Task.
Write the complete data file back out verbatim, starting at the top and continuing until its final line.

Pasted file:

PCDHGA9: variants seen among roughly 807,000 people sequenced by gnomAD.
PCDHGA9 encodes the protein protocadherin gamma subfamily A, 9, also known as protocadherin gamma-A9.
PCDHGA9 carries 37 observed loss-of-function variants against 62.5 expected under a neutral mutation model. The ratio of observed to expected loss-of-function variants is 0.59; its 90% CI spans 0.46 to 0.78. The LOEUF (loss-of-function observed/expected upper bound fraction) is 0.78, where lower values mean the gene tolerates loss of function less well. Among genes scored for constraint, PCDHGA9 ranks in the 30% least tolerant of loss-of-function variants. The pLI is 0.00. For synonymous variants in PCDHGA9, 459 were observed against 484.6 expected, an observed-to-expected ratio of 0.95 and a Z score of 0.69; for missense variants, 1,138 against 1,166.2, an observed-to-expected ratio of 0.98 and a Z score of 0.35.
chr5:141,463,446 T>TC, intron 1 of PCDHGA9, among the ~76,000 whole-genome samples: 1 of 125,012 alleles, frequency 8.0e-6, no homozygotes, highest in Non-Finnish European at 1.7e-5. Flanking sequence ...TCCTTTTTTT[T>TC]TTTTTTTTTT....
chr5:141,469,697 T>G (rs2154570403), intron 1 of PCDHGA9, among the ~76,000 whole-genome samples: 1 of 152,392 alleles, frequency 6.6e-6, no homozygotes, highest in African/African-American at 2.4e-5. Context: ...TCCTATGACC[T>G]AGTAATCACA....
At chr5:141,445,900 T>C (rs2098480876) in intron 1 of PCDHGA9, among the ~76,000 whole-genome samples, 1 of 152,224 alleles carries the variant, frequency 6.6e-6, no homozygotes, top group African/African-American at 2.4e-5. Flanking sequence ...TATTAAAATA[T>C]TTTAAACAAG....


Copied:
PCDHGA9: variants seen among roughly 807,000 people sequenced by gnomAD.
PCDHGA9 encodes the protein protocadherin gamma subfamily A, 9, also known as protocadherin gamma-A9.
PCDHGA9 carries 37 observed loss-of-function variants against 62.5 expected under a neutral mutation model. The ratio of observed to expected loss-of-function variants is 0.59; its 90% CI spans 0.46 to 0.78. The LOEUF (loss-of-function observed/expected upper bound fraction) is 0.78, where lower values mean the gene tolerates loss of function less well. Among genes scored for constraint, PCDHGA9 ranks in the 30% least tolerant of loss-of-function variants. The pLI is 0.00. For synonymous variants in PCDHGA9, 459 were observed against 484.6 expected, an observed-to-expected ratio of 0.95 and a Z score of 0.69; for missense variants, 1,138 against 1,166.2, an observed-to-expected ratio of 0.98 and a Z score of 0.35.
chr5:141,463,446 T>TC, intron 1 of PCDHGA9, among the ~76,000 whole-genome samples: 1 of 125,012 alleles, frequency 8.0e-6, no homozygotes, highest in Non-Finnish European at 1.7e-5. Flanking sequence ...TCCTTTTTTT[T>TC]TTTTTTTTTT....
chr5:141,469,697 T>G (rs2154570403), intron 1 of PCDHGA9, among the ~76,000 whole-genome samples: 1 of 152,392 alleles, frequency 6.6e-6, no homozygotes, highest in African/African-American at 2.4e-5. Context: ...TCCTATGACC[T>G]AGTAATCACA....
At chr5:141,445,900 T>C (rs2098480876) in intron 1 of PCDHGA9, among the ~76,000 whole-genome samples, 1 of 152,224 alleles carries the variant, frequency 6.6e-6, no homozygotes, top group African/African-American at 2.4e-5. Flanking sequence ...TATTAAAATA[T>C]TTTAAACAAG....